My take today is that heterogeneous integration is showing signs of a successful chasm leap. Heterogeneous integration is going to be the Roadrunner.
Therefore, we intend, at 3D InCites, to cover the topic of heterogeneous integration in a new blog, 3D+: Inspired by Heterogeneous Integration, which will be a regular feature running alongside all the other great content you’ve been reading ever since 3D InCites went live with its mission of “Stirring Up Interest in 3D Integration.”
Heterogeneous Integration is going to be the next important commercial story in 3D Integration, and 3D+ will be on the scene reporting and offering insights on the latest developments from Academia (yes, from you James Lu, at RPI; and from you, Koyanagi-sensei at Tohoku University; and from you, Rob Andosca / Microgen; and you, Janusz Bryzek, the Trillion Sensor Man at Fairchild); and from The Street (that’s you, Robert Maire, at Semiconductor Advisors LLC – what do you think about the MicroChips – SiTime acquisition?).
I am on record, almost five years ago, for having written: “I think heterogeneous integration is the way 3D-IC manufacturing techniques are going to launch into the commercial mainstream … I’ve said this before, but when you step outside US-centric thinking and look to see what Japan and the EU are doing with 3D IC, it’s all about adding functional value, or introducing novel products, via heterogeneous integration. Don’t know why we don’t hear more about heterointegration from the home team sluggers.”
Why would heterogeneous integration have been on my radar in 2009?
Because my radar picked it up even earlier than that. A little more than ten years ago, I co-authored the paper “Plasma Etching of Thick BCB Polymer Films for Flip Chip Bonding of Hybrid Compound Semiconductor-Silicon Devices,” for GaAs MANTECH 2004: “Integration of passive electronic components directly over silicon substrates and packaging of active compound semiconductor devices along with silicon CMOS device via flip chip bonding are two technologies that have seen increased popularity over the last several years for high speed / high frequency applications in the wireless and fiberoptical communication industries. This space-efficient and reliable hybrid integration scheme offers significant advantages in device performance as well as in manufacturing cost.”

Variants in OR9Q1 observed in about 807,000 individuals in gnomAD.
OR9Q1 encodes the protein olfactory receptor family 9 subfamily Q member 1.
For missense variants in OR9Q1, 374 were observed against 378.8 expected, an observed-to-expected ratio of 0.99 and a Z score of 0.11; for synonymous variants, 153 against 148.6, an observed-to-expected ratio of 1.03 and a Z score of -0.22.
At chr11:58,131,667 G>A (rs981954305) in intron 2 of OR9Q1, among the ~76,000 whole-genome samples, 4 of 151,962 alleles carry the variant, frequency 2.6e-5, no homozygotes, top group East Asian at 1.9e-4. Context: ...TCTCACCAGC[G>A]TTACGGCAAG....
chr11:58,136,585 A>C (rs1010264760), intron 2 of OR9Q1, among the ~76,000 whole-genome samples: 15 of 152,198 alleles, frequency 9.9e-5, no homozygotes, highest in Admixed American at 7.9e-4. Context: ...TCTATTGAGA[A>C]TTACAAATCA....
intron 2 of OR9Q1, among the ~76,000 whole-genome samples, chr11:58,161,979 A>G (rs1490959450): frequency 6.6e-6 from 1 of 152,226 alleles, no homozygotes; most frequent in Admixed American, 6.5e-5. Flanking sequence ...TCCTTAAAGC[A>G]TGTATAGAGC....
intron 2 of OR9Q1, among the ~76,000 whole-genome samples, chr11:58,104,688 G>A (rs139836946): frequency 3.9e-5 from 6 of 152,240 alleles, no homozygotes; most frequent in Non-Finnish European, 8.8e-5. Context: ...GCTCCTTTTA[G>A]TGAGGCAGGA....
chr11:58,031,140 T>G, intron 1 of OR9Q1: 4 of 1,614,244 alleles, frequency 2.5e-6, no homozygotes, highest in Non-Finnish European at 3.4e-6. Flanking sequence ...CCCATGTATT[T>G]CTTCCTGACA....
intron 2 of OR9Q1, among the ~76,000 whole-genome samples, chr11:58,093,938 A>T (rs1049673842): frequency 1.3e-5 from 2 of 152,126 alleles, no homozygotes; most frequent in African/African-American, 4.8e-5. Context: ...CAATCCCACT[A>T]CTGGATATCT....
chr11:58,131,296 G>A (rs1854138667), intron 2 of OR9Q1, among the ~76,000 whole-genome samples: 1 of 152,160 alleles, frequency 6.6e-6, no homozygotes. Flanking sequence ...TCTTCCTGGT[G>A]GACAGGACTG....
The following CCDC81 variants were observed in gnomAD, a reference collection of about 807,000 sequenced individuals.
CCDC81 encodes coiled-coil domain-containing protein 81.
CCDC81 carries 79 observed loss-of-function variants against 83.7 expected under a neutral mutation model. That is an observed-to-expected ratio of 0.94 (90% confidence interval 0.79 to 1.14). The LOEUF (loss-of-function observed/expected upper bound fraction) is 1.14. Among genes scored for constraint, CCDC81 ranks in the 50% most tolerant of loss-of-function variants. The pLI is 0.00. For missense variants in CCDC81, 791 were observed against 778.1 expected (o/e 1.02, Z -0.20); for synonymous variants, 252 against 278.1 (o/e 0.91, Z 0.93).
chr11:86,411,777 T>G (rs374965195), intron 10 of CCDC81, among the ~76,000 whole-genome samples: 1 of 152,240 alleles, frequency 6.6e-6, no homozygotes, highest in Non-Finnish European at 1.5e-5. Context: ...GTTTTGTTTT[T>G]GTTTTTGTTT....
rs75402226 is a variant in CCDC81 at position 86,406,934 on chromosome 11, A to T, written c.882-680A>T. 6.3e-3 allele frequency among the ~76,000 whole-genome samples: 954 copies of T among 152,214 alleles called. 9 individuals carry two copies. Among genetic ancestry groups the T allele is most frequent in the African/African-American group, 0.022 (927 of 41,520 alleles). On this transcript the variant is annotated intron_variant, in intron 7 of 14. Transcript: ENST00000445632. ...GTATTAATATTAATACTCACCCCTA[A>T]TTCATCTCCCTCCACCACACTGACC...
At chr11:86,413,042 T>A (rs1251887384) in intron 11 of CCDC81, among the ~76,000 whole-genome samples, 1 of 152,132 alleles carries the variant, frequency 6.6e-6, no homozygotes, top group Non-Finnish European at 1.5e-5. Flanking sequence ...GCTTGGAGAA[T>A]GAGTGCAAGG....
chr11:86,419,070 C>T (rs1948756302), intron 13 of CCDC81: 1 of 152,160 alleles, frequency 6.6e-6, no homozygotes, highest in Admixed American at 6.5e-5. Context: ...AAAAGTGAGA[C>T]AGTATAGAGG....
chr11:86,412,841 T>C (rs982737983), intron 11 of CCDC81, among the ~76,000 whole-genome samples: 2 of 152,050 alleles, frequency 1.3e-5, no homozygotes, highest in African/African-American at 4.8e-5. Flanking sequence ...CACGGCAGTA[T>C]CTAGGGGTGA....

I was interested (inspired), ten years ago, in methods for combining separate parts or elements (GaAs and silicon devices, in this example) into a unified whole (integration), the unified whole consisting of elements that weren’t of the same kind or nature (heterogeneous).
I think my personal heterogeneous integration history goes back further than that, but the Google trail runs cold …
Was I early in my enthusiasm for heterogeneous integration as a commercially important branch of semiconductor processing technology? Not nearly as early as many of the other enthusiasts and practitioners in the field, but early enough so that the work was mostly pre-commercial, looking to cross the chasm, as so many other advanced technologies have been over the years my colleagues and I in the plasma etch and PVD world contributed to them.
(From my Twitter profile: “Keen on Packaging, 3D-IC, MEMS, and III-V; have seen a few technologies succeed, and a few fail to ever cross the chasm. Prefer the former to the latter.” Follow me @PFWerbaneth.)
There’s an Internet of Things angle too to follow here – the real IoT won’t be getting much off the ground without (cheap) heterogeneous integration.
Françoise von Trapp is already on the heterointegration case, prescient once again; from 3D InCites, 16 January 2014, we have: “Europe in 3D: The Brains behind e-BRAINS” “After so many years covering 3D technologies, I love finding a new angle to write about. Yesterday’s visit to Fraunhofer EMFT in Munich provided just that. Instead of focusing on 3D IC processes, we talked about 3D systems integration and the e-BRAINS project. And rather than discussing the well-worn topic of mobile applications, we talked about other markets that stand to benefit from 3D heterogeneous integration, such as medical devices and industrial applications.” (That’s you, Peter Ramm, department head, heterogeneous system integration at Fraunhofer EMFT.)
And I’ll be at the MEMS Executive Congress US 2014 in Scottsdale, AZ this week, getting the 3D+ ball rolling, running alongside the roadrunners in heterogeneous integration as they zip forward, leaving chasm-bound coyotes in their dust. From Pittsburgh, PA, thanks for reading. ~ PFW